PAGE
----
Overall, I believe that this critique was very helpful in answering some of the questions that I had been struggling through working with Dr. Miller my design professor.  Probably the most interesting comment that I needed to field through the critique was one by a fellow student who entertained the idea that the dome on my building looked like a WWI German Helmet with a spike in it.  What do you think?

Through the comic interlude in this comment we spend some time trying to resolve the understanding of the dome and the way that the structure was able to relate to the dome.  One of the challenges with the dome was that it felt too heavy which meant that it would become something that would become resolved through a more massive structure under the dome at the crossing.  Also the idea was thrown out to push it towards the idea of a wooden dome which would slightly change the proportions of the dome and enable it to appear lighter and have less of an impact on the structure through the crossing.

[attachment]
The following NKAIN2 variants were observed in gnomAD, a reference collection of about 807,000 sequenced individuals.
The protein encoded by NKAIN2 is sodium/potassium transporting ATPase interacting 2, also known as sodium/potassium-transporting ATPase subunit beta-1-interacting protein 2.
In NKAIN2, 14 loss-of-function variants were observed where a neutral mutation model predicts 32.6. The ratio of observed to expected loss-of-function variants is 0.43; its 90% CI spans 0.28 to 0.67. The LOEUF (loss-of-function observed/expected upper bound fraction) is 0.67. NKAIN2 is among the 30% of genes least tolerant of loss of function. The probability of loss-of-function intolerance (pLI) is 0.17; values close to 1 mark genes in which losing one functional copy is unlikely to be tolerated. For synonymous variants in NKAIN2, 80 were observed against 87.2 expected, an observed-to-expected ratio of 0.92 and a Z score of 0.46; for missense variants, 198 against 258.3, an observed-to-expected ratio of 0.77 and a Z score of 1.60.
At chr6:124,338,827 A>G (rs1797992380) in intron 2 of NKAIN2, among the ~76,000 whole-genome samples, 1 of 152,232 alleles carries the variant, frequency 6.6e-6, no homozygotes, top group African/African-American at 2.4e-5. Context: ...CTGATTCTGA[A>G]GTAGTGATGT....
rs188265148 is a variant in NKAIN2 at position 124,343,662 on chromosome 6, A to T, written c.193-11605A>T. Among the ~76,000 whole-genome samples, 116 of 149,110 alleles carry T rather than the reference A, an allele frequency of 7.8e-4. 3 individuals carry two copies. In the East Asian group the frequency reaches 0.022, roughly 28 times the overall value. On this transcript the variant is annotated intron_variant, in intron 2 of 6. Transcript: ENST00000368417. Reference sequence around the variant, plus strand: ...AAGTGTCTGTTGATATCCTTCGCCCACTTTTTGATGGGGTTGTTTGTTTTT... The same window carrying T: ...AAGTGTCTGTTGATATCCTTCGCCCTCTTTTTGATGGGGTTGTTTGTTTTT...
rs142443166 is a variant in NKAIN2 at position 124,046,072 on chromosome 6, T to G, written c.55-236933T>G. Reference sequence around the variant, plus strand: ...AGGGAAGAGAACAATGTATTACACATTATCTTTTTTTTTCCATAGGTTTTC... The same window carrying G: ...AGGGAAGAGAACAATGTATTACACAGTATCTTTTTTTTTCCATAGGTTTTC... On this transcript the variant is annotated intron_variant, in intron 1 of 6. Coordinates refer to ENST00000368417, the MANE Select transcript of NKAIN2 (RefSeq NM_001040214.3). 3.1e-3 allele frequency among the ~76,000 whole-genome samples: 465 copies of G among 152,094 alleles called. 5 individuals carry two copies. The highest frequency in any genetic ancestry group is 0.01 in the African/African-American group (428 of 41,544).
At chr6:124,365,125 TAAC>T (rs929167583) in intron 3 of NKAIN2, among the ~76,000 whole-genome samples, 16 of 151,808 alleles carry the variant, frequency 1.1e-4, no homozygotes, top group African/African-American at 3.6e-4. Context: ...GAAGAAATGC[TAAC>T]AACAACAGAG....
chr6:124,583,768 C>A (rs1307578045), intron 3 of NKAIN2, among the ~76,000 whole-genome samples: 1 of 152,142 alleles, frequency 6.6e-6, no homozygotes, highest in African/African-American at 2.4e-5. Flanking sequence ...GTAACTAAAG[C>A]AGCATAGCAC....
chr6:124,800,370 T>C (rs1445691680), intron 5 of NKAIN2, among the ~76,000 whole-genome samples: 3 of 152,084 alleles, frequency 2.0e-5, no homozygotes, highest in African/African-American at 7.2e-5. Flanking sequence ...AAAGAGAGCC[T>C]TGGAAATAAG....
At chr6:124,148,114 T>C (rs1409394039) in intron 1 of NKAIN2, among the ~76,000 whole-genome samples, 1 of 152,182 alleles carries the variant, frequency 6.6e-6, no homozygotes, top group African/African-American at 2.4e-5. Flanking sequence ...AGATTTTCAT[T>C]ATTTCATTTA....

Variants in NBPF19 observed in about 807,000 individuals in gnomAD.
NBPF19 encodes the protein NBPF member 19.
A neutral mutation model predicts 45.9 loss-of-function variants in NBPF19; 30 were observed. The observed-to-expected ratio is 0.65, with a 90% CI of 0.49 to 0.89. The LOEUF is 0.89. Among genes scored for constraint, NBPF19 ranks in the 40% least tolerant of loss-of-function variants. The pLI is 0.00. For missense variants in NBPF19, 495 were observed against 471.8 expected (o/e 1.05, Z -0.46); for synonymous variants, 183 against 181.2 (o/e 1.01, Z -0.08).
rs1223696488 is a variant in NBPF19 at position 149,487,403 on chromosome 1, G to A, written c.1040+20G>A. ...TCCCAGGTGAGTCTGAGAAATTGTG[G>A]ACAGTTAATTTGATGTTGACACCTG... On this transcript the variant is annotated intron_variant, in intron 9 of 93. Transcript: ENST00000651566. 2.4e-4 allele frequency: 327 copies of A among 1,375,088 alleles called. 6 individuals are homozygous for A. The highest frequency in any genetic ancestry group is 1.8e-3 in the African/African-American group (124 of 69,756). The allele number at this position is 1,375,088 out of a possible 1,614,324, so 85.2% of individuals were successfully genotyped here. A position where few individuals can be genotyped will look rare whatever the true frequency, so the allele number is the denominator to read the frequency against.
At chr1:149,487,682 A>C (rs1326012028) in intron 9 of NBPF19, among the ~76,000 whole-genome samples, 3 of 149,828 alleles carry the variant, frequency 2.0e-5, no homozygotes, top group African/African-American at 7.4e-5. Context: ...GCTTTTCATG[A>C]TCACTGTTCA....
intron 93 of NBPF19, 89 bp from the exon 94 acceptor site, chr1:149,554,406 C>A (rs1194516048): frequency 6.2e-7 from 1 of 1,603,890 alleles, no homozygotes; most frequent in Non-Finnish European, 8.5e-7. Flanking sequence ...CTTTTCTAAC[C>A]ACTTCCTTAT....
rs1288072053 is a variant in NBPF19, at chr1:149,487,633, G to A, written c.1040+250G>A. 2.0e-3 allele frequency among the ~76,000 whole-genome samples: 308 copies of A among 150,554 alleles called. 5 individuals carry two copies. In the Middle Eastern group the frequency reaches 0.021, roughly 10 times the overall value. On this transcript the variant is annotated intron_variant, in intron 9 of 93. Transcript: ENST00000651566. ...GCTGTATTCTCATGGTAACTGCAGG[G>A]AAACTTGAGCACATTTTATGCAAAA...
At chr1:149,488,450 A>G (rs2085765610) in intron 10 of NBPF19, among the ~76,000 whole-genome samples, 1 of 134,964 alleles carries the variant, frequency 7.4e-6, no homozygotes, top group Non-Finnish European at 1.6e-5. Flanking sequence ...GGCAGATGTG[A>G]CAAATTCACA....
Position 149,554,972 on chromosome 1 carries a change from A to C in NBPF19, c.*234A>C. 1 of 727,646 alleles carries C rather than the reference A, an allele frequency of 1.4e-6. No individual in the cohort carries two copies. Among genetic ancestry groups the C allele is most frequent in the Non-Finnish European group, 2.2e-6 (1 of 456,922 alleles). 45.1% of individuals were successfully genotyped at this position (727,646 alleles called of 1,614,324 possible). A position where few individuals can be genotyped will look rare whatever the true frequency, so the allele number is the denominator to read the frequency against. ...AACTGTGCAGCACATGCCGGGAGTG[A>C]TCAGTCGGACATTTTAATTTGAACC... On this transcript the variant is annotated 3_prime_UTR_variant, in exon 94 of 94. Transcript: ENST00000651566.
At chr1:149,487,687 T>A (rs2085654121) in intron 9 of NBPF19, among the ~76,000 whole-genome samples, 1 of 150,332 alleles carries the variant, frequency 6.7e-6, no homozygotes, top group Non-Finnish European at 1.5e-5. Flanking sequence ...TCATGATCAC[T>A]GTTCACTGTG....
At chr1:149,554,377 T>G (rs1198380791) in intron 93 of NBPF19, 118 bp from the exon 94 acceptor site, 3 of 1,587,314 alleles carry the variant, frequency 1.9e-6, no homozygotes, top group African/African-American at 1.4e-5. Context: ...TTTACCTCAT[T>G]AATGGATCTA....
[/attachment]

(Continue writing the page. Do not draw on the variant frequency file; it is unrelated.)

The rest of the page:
Switching over to the train station I was subjected to a long conversation pertaining to the structure which I still am slightly confused about.  The challenge with the train station is the expression of the structure on the front of the building which shows the idea of a ridge that runs parallel to the front of the building as seen in precedents like the Kansas City Union Station in Kansas City, as well as, the Washington D.C. Union Station.  I will post pictures from this discussion as well as some solutions on how to solve it.